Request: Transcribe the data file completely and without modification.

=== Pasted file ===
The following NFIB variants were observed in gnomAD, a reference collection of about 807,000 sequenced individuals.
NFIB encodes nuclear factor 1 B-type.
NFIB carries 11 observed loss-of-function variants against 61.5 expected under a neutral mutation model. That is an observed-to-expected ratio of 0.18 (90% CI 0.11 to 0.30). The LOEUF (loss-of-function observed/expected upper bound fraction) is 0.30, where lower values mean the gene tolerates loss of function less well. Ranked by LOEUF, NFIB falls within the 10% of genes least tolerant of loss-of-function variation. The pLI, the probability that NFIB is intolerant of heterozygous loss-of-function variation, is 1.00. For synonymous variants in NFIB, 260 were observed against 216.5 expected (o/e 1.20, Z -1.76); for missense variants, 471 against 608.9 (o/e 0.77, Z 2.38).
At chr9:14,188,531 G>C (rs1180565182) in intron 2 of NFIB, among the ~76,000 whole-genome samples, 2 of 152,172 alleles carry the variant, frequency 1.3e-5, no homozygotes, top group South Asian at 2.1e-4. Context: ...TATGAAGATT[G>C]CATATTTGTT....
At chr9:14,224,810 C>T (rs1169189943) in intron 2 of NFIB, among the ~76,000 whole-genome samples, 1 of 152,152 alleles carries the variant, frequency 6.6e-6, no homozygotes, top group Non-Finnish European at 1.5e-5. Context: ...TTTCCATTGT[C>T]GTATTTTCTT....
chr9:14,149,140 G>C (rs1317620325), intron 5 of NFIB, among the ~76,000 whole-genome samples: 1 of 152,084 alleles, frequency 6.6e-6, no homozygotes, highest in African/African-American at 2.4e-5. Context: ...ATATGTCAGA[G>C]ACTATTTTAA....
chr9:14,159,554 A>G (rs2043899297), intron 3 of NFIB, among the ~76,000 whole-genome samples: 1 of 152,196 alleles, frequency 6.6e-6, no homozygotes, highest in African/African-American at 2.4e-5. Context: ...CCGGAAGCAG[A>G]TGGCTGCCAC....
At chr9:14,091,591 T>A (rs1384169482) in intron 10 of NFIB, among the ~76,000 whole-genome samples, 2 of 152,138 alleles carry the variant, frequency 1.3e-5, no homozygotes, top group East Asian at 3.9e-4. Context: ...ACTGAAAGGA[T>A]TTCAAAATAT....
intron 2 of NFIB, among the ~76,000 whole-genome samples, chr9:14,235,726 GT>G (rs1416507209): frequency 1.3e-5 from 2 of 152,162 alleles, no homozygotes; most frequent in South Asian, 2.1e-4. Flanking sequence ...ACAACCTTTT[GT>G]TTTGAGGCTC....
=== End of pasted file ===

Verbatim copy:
The following NFIB variants were observed in gnomAD, a reference collection of about 807,000 sequenced individuals.
NFIB encodes nuclear factor 1 B-type.
NFIB carries 11 observed loss-of-function variants against 61.5 expected under a neutral mutation model. That is an observed-to-expected ratio of 0.18 (90% CI 0.11 to 0.30). The LOEUF (loss-of-function observed/expected upper bound fraction) is 0.30, where lower values mean the gene tolerates loss of function less well. Ranked by LOEUF, NFIB falls within the 10% of genes least tolerant of loss-of-function variation. The pLI, the probability that NFIB is intolerant of heterozygous loss-of-function variation, is 1.00. For synonymous variants in NFIB, 260 were observed against 216.5 expected (o/e 1.20, Z -1.76); for missense variants, 471 against 608.9 (o/e 0.77, Z 2.38).
At chr9:14,188,531 G>C (rs1180565182) in intron 2 of NFIB, among the ~76,000 whole-genome samples, 2 of 152,172 alleles carry the variant, frequency 1.3e-5, no homozygotes, top group South Asian at 2.1e-4. Context: ...TATGAAGATT[G>C]CATATTTGTT....
At chr9:14,224,810 C>T (rs1169189943) in intron 2 of NFIB, among the ~76,000 whole-genome samples, 1 of 152,152 alleles carries the variant, frequency 6.6e-6, no homozygotes, top group Non-Finnish European at 1.5e-5. Context: ...TTTCCATTGT[C>T]GTATTTTCTT....
chr9:14,149,140 G>C (rs1317620325), intron 5 of NFIB, among the ~76,000 whole-genome samples: 1 of 152,084 alleles, frequency 6.6e-6, no homozygotes, highest in African/African-American at 2.4e-5. Context: ...ATATGTCAGA[G>C]ACTATTTTAA....
chr9:14,159,554 A>G (rs2043899297), intron 3 of NFIB, among the ~76,000 whole-genome samples: 1 of 152,196 alleles, frequency 6.6e-6, no homozygotes, highest in African/African-American at 2.4e-5. Context: ...CCGGAAGCAG[A>G]TGGCTGCCAC....
At chr9:14,091,591 T>A (rs1384169482) in intron 10 of NFIB, among the ~76,000 whole-genome samples, 2 of 152,138 alleles carry the variant, frequency 1.3e-5, no homozygotes, top group East Asian at 3.9e-4. Context: ...ACTGAAAGGA[T>A]TTCAAAATAT....
intron 2 of NFIB, among the ~76,000 whole-genome samples, chr9:14,235,726 GT>G (rs1416507209): frequency 1.3e-5 from 2 of 152,162 alleles, no homozygotes; most frequent in South Asian, 2.1e-4. Flanking sequence ...ACAACCTTTT[GT>G]TTTGAGGCTC....